PSR: How important is a mentor in the early years of practice?
Dr. Kokosis: It's extremely important. Mentorship is an ongoing relationship that never stops. I've been extremely fortunate to have had great mentors who coached me and shaped my surgical identity. The impact is everlasting; I feel I'll always carry with me a piece of their experience, pearls of wisdom and advice. I often find myself in the O.R. teaching my residents through my mentor's methods. Finally, many of my mentors' numbers are on speed dial – and I can call them anytime I need advice with any of my cases.
PSR: How has your involvement in societies and committees helped your career?
Dr. Kokosis: Being involved in societies and committees gives me the opportunity to network and learn from other people. An early career is much more than just being able to execute in the O.R., and the years of training prepare you well for this. However, there are so many other aspects of professional development, including resource utilization to maximize your efficiency, administrative tasks and developing a research team. We're not trained to do this, and meeting peers outside of your institution allows for bouncing-off ideas, discussing the business of plastic surgery and learning from others.
PSR: What's the most important attribute a resident needs?
Dr. Kokosis: It requires perseverance and passion for what you do, or as Angela Duckworth suggests in her book Grit, it's not as much talent as it is resilience. Throughout the years of my training, I've seen very talented residents who didn't perform well due to their inability to accept that residency is a long-term process, a marathon that requires awareness of why you're into this. I always tell my residents they need to focus on the big picture. It's only once that you know your why and embrace the process, that you'll be prepared to enjoy this beautiful journey.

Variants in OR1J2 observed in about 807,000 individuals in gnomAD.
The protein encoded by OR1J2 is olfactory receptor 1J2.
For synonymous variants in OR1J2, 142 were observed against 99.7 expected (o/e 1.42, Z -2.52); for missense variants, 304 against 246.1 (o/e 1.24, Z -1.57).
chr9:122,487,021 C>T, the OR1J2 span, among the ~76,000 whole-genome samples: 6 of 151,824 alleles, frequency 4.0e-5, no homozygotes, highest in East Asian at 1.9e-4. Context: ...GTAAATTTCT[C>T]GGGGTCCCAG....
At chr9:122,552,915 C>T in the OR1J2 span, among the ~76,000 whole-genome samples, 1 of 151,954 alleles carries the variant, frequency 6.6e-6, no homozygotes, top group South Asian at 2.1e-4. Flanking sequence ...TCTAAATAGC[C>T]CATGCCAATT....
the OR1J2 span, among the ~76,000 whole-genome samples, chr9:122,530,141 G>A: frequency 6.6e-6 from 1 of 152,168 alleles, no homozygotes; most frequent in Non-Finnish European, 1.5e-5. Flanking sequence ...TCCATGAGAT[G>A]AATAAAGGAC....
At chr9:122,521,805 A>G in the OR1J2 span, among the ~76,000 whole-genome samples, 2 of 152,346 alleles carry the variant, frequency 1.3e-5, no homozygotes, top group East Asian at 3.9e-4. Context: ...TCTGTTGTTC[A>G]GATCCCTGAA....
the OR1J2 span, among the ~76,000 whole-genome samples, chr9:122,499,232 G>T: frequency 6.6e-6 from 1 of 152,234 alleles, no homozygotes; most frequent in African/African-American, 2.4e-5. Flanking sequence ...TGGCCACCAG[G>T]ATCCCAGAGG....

PSR: How do you balance your professional and personal lives?
Dr. Kokosis: I'm trying to set boundaries. The hardest thing to do as a new attending is to say "no," as there's always the fear of not developing a robust presence. Equally hard is identifying the aspects of a practice that you really enjoy and pursue only those, rather than being spread thin between multiple, mundane tasks. I also try to enjoy my time off on weekends to rest and recharge. This way, I'm more focused and productive when I need to be.
PSR: What was your greatest, non-medical challenge of residency?
Dr. Kokosis: As a Greek national who immigrated to the United States, having my family living thousands of miles away has always been a big challenge. Time off during residency is limited and an international trip is hard to plan on a regular basis. I'm thankful for the opportunities I had to travel back to Greece, but also for the video and audio platforms that allowed me to "see" my family as often as I could.
PSR: What do you enjoy the most about being a plastic surgeon?
Dr. Kokosis: I enjoy the creativity that comes along with complex reconstructive cases; so much planning goes into preparing for those cases. I also feel grateful to be able to collaborate with other specialties to tackle challenging problems and provide the best patient care possible. Additionally, I really enjoy scrubbing-in with my colleagues as co-surgeons and learning from each other.
PSR: What are some of the challenges you regularly encounter?
Dr. Kokosis: I find challenging to keep up with EMR. I believe that physicians are already burdened with busy clinical practices, fully booked clinics and block time (for surgical specialties). The administrative burden that comes along with EMR can lead to burnout.
PSR: How does teaching play a role in your schedule?
Dr. Kokosis: This is my time to "give back." As a new attending, me, and I feel obliged and inspired to dedicate my time to teaching my residents now. It's very gratifying to see your residents evolve over time and grow professionally.
PSR: Do you have any words of advice for plastic surgery residents?
Dr. Kokosis: Look at the big picture and enjoy the journey. With every challenge comes experience and skills that you will possess for the rest of your career.
PSR: Please complete this sentence: "I knew I wanted to become a plastic surgeon when..."
Dr. Kokosis: I witnessed a plastic surgeon being the surgeon`s surgeon in a complex orthopedic surgery procedure that required wound coverage with a free flap.